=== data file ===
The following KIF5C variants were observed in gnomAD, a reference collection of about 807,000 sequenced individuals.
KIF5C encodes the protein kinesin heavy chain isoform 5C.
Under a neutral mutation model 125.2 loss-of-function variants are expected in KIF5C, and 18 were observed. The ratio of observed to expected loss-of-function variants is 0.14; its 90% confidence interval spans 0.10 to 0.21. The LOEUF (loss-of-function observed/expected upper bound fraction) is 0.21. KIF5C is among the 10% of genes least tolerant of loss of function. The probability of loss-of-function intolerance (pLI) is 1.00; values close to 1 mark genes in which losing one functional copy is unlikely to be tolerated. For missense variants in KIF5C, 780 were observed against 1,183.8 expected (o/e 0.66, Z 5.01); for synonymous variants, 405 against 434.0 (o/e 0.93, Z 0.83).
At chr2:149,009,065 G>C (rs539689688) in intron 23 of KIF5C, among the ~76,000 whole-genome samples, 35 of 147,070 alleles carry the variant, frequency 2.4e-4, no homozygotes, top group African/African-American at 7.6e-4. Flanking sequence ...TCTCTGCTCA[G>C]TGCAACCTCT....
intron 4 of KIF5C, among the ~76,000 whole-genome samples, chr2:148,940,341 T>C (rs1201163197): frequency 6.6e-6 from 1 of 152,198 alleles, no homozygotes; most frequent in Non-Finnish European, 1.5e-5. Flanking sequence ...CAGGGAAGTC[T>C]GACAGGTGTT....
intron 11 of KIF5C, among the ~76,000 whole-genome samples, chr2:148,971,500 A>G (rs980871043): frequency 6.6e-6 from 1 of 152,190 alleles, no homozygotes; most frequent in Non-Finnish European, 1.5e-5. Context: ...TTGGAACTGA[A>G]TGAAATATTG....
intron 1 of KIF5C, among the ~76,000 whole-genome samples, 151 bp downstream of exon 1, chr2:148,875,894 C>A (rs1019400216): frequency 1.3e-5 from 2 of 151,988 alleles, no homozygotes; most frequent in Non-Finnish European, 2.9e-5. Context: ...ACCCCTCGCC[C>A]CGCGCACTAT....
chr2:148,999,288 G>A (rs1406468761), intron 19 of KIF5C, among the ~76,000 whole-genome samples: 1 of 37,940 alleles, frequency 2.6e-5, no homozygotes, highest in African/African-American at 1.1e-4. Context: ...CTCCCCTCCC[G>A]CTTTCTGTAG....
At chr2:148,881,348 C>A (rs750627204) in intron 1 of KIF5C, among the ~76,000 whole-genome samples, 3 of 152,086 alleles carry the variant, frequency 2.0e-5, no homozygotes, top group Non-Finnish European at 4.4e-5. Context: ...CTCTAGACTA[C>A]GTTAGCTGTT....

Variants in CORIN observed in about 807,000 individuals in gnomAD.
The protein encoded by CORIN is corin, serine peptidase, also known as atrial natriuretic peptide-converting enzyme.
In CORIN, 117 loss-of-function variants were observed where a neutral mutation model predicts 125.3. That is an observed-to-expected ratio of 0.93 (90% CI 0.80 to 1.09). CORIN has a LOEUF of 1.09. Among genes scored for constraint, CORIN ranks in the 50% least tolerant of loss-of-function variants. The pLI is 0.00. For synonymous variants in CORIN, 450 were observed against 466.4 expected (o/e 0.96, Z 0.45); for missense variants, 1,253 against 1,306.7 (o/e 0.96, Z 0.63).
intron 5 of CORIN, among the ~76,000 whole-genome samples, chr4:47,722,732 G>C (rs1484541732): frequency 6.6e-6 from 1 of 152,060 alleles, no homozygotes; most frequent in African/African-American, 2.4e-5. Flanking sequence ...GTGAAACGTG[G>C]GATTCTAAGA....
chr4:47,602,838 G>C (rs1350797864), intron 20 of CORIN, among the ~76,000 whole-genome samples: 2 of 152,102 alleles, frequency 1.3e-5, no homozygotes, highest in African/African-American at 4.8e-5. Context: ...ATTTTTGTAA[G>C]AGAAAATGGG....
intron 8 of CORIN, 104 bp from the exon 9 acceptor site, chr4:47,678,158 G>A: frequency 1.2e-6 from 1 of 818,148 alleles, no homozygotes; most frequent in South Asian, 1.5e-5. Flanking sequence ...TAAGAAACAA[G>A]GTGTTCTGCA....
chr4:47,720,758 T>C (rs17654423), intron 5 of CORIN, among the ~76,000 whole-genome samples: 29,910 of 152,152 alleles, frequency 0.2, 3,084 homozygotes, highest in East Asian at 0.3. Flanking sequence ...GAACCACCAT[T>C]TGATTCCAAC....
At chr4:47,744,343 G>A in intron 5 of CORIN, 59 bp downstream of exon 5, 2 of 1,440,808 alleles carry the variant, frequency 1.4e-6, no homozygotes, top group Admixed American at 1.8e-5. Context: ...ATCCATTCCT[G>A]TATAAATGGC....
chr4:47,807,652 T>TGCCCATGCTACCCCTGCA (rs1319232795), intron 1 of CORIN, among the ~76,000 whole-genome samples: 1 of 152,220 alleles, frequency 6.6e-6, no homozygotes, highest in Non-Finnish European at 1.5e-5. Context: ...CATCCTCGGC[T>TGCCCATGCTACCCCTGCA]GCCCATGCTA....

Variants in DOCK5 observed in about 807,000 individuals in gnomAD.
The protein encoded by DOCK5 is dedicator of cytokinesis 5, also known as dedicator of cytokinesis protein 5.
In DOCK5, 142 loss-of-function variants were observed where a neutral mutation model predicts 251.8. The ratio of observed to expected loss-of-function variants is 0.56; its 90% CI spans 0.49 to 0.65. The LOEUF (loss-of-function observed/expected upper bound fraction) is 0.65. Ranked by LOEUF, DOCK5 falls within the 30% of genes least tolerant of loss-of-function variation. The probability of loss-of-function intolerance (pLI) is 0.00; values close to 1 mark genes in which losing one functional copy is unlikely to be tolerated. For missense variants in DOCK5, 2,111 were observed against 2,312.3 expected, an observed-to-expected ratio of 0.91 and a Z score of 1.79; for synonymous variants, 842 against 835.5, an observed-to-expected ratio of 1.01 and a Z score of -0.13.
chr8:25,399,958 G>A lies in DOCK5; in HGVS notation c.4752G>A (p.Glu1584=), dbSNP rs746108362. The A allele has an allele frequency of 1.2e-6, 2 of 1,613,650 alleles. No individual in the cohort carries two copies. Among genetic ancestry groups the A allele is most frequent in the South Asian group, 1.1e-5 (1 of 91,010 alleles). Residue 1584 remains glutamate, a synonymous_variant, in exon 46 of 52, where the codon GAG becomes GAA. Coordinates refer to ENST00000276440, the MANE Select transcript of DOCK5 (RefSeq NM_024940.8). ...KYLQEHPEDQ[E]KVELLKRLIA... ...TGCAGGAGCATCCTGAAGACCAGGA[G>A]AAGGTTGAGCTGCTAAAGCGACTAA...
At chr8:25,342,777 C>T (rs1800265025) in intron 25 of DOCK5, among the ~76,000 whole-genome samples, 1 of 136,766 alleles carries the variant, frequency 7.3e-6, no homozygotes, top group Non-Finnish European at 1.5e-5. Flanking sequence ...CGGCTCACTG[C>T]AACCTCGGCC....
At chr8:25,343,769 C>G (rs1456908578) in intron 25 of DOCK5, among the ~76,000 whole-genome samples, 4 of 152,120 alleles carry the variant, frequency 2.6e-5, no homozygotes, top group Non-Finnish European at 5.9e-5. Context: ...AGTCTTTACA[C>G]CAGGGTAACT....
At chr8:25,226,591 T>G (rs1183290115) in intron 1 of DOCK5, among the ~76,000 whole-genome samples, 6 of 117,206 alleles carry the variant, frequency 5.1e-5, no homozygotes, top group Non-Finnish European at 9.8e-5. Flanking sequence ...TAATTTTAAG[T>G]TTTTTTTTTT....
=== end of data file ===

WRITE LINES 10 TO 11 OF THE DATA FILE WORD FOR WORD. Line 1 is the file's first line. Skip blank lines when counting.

Variants in CORIN observed in about 807,000 individuals in gnomAD.
The protein encoded by CORIN is corin, serine peptidase, also known as atrial natriuretic peptide-converting enzyme.